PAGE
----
When Rob Brown, a Native American gang leader on a remote Minnesota reservation, is sentenced to prison for a fifth time, he must confront his role in bringing violent drug culture into his...
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When Rob Brown, a Native American gang leader on a remote Minnesota reservation, is sentenced to prison for a fifth time, he must confront his role in bringing violent drug culture into his beloved Ojibwe community. As Rob reckons with his past, his seventeen-year-old protégé, Kevin, dreams of the future - becoming the biggest drug dealer on the reservation. Terrence Malick presents this haunting and visually arresting nonfiction film about the gang crisis in Indian Country.Written by
There's more to Pine Point than this movie portrays.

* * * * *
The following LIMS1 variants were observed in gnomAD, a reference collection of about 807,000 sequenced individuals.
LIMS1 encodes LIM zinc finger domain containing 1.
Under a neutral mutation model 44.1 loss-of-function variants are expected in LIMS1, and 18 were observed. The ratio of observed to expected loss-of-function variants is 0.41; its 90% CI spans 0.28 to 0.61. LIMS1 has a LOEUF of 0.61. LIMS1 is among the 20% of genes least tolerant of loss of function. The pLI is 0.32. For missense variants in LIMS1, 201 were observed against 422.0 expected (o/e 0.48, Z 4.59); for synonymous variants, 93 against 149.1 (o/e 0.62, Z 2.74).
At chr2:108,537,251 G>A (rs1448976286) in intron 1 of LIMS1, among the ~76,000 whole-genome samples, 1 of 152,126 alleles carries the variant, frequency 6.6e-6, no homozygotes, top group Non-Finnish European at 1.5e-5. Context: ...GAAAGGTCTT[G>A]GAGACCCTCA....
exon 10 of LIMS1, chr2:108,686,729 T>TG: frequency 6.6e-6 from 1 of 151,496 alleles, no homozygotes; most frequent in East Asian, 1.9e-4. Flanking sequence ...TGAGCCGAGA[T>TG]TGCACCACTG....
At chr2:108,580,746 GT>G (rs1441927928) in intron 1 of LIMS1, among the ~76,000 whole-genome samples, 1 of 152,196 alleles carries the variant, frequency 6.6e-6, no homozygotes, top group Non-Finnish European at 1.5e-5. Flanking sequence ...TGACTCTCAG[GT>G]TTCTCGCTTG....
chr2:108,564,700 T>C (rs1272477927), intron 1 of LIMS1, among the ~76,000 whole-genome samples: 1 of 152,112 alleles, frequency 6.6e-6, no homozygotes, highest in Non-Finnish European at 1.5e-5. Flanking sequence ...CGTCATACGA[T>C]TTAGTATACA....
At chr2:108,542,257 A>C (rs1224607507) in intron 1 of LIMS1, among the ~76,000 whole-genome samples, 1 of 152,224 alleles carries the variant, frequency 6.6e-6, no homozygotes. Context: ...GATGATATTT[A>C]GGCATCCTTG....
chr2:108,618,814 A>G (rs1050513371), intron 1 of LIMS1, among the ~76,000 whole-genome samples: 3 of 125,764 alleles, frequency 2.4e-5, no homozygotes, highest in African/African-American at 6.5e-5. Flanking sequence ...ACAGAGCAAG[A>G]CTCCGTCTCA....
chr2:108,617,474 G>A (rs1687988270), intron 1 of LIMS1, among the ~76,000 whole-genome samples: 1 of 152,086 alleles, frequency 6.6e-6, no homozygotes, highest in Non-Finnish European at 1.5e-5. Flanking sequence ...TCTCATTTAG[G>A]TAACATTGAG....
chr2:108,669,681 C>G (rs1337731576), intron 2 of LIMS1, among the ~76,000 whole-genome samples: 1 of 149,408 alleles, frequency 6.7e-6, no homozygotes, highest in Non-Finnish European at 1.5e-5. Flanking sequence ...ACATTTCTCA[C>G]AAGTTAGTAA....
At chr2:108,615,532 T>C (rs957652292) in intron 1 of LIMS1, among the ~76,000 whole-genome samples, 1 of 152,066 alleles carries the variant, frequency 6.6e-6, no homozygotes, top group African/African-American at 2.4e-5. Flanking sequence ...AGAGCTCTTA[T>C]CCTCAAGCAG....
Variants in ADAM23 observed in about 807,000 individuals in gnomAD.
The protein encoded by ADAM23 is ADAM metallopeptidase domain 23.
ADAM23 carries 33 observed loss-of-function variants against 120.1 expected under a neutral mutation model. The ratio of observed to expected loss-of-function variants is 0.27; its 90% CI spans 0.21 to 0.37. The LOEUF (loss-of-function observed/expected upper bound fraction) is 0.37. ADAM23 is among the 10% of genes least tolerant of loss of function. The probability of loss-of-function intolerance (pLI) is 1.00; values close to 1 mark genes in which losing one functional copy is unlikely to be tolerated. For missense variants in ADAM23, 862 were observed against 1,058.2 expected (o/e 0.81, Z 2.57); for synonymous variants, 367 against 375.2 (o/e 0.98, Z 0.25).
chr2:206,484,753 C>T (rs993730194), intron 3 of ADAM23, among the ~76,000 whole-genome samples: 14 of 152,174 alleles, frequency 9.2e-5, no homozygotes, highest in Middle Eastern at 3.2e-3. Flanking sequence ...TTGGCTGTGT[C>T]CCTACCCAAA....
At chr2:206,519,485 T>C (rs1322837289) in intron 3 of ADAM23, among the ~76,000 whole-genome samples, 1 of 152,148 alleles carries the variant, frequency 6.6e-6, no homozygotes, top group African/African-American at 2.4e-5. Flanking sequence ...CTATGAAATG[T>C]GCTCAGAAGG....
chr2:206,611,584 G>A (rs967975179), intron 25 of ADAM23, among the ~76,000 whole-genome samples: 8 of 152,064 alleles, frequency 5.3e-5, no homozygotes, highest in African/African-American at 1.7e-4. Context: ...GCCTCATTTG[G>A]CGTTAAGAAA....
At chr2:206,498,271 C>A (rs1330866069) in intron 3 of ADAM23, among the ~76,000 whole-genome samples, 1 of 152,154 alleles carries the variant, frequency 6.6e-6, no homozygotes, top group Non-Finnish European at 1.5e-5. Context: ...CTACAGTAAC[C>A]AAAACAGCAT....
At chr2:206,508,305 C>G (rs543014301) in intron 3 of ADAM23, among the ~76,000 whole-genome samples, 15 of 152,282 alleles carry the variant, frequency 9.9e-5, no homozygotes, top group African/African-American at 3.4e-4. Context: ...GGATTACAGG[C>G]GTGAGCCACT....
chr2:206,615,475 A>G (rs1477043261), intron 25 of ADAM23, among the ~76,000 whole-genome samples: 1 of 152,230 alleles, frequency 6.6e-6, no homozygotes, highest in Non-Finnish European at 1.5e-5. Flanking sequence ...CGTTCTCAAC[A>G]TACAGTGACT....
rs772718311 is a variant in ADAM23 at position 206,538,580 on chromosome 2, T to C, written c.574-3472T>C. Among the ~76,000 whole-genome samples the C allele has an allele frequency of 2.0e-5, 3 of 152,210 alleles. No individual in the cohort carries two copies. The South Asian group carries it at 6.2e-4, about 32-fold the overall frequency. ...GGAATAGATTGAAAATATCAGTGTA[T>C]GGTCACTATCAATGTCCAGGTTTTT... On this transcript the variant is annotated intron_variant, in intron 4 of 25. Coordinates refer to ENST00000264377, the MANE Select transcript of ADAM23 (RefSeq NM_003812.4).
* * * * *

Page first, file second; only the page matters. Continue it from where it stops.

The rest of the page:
The community of Pine Point viewed the film and believes it portrays a very incomplete impression of the Pine Point Community. The Pine Point Community Council gave a statement that it does not endorse the film as representative of the Pine Point Community at large. The film shows a very negative side of the community. We are not saying that these problems of drug abuse, alcohol and gang activity don't exist, every community has these problems. It seems that this film is consistent with the usual media practice of highlighting this lifestyle on an Indian Reservation. And the general public thinks that all Natives live like this. This is unfortunate because the behavior that is portrayed in the film is a small fraction of the overall community behavior, and the film fails to highlight the vast spectrum of positive behavior in the community. For instance, the image of the car burning in the street happened to be a demolition derby car that was in the Rez car parade. Positive community events like: a drug and alcohol free music festival, annual pow wow, community Christmas dinner, Veterans dinner, haunted house at the old school, demolition derby, rez car parade, community picnics, weekly community fire, family fun day activities are not portrayed. The community council recently paid off a $50,000 loan that helped build the pow wow ground and softball field. The title of the film does not tell the true meaning of the Ojibwe culture and spirituality. Nor does the film show the true Ojibwe prophecy of the Seventh Fire. This leaves the viewer with a vastly incomplete understanding of our community. There are many natives from the community that enjoy a life of sobriety and there are those who are affected by drugs and alcohol who continue to fight to straighten their lives out and live the Red Road of sobriety.
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